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May 06, 2008
My Libertarian Blues and Ron Paul in Disgrace (or How I Learned to Stop Worrying and Love Hillary Clinton) There's always trouble in the land, but all in all I personally feel pretty good about the future of America and the world at large. The country's doing ok, and we'll muddle through well enough whether we elect the giant douche or the turd sandwich.
But I'm not feeling near so good about my Libertarian Party, Ron Paul and the whole reputation that they are earning for the broader libertarian movement. Foolish blind ideological dogma has increasingly made us look like kooks with minimal connection to reality.
For starters, Ron Paul is a goddam disgrace. I voted for him in 1988 with the LP, but I was done with the thought of voting for him in the first debate of the 2008 contest where he uttered the word "blowback." It would be absolutely unacceptable to have a person talking such as the POTUS, for it would utterly destroy our credibility to even pretend to have a right to protect ourselves. It would amount to giving jihadists what Ayn Rand would call "the sanction of the victim."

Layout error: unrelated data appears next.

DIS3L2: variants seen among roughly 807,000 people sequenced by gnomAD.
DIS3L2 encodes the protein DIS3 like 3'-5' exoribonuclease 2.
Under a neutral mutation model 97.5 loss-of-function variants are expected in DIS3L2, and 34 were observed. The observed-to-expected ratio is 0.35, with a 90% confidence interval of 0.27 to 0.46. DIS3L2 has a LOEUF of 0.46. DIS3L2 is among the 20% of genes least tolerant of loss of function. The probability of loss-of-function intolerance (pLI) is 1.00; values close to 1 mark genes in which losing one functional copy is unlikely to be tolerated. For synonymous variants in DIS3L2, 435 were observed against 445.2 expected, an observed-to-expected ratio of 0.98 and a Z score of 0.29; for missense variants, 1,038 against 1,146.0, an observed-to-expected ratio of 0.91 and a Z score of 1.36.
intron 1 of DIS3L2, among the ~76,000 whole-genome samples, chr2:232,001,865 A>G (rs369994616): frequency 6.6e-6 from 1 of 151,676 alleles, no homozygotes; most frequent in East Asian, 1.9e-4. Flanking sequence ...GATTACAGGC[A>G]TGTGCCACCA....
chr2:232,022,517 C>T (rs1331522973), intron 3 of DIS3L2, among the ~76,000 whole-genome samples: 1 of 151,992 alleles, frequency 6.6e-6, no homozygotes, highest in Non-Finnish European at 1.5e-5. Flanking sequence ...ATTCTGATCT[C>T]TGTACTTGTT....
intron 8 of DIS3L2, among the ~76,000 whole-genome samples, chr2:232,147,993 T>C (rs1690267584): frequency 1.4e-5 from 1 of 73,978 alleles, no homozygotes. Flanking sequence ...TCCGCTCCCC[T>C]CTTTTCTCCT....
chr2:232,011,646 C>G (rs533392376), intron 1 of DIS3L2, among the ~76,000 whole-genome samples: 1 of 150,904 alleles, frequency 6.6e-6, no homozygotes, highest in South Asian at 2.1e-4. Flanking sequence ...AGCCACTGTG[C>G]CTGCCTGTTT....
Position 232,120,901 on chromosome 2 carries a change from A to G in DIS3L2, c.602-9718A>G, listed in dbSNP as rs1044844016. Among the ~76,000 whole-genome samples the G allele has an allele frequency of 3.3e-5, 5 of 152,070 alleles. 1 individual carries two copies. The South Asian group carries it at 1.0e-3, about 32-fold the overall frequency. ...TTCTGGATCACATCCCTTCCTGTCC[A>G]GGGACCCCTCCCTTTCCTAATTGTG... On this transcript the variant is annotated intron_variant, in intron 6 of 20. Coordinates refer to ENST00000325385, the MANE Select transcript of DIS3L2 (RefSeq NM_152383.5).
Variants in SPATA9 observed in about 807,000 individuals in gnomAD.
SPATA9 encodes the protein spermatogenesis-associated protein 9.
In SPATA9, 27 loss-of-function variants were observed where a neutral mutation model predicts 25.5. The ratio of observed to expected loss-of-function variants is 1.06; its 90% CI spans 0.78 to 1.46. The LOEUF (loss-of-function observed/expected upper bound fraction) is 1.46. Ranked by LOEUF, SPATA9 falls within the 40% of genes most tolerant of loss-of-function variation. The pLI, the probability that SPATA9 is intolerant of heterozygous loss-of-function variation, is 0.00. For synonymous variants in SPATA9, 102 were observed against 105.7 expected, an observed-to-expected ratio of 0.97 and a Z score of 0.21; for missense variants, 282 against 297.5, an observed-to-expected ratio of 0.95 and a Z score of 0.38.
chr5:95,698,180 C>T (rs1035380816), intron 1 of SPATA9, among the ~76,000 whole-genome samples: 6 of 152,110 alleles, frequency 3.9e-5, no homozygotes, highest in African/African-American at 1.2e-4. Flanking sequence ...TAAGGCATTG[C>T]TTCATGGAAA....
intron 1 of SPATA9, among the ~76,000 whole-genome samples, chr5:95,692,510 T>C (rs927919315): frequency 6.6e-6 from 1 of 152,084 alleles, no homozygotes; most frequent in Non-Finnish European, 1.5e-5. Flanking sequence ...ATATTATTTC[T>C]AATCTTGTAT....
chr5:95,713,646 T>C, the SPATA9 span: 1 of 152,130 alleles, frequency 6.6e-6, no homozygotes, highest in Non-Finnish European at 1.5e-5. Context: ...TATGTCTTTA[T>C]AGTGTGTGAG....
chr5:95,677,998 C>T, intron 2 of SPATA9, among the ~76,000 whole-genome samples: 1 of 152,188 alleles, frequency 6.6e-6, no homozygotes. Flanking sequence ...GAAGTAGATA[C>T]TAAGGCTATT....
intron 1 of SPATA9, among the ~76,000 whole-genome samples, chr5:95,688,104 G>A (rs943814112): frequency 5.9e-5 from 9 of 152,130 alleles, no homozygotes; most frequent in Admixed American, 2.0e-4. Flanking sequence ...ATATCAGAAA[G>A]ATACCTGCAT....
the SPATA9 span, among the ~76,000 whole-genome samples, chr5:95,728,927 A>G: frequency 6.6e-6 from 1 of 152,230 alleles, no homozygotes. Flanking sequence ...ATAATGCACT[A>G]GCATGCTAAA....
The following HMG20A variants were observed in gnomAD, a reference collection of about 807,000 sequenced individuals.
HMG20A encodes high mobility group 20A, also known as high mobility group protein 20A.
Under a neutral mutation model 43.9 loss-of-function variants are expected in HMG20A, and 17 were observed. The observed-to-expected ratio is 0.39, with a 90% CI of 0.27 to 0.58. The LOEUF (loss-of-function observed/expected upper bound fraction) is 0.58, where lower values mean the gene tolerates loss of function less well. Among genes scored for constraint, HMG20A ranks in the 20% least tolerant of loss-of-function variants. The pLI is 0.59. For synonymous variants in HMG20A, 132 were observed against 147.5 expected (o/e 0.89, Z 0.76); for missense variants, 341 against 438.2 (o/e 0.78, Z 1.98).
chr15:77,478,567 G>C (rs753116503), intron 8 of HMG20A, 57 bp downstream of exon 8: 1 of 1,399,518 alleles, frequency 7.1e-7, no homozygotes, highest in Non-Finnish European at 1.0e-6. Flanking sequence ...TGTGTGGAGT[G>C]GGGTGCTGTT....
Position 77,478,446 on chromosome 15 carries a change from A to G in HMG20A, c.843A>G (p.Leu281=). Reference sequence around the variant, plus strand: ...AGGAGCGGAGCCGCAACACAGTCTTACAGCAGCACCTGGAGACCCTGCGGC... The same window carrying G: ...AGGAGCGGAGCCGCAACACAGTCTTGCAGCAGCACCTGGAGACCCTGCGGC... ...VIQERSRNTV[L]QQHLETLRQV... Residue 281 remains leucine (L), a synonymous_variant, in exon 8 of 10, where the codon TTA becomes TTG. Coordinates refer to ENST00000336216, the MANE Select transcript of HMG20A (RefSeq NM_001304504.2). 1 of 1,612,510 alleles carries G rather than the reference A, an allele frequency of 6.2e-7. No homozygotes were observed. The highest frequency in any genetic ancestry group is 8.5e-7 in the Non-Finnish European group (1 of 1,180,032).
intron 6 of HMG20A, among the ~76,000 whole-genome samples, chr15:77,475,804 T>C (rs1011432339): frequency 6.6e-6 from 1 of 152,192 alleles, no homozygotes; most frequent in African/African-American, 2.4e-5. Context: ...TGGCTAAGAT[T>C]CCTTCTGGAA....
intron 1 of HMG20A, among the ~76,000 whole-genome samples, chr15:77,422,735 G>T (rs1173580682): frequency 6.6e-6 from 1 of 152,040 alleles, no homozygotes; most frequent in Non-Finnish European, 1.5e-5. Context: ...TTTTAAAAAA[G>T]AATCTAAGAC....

Paul partisans would argue that it's not really that at all, that it's equivalent to explaining the motivation of a killer - not saying that they're right. College boys can parse that out to make it fall on the right side of the line. But that's just not going to matter. Al Qaeda will be not unreasonably saying, "Hey, your own president says 'They're over here because we're over there.'"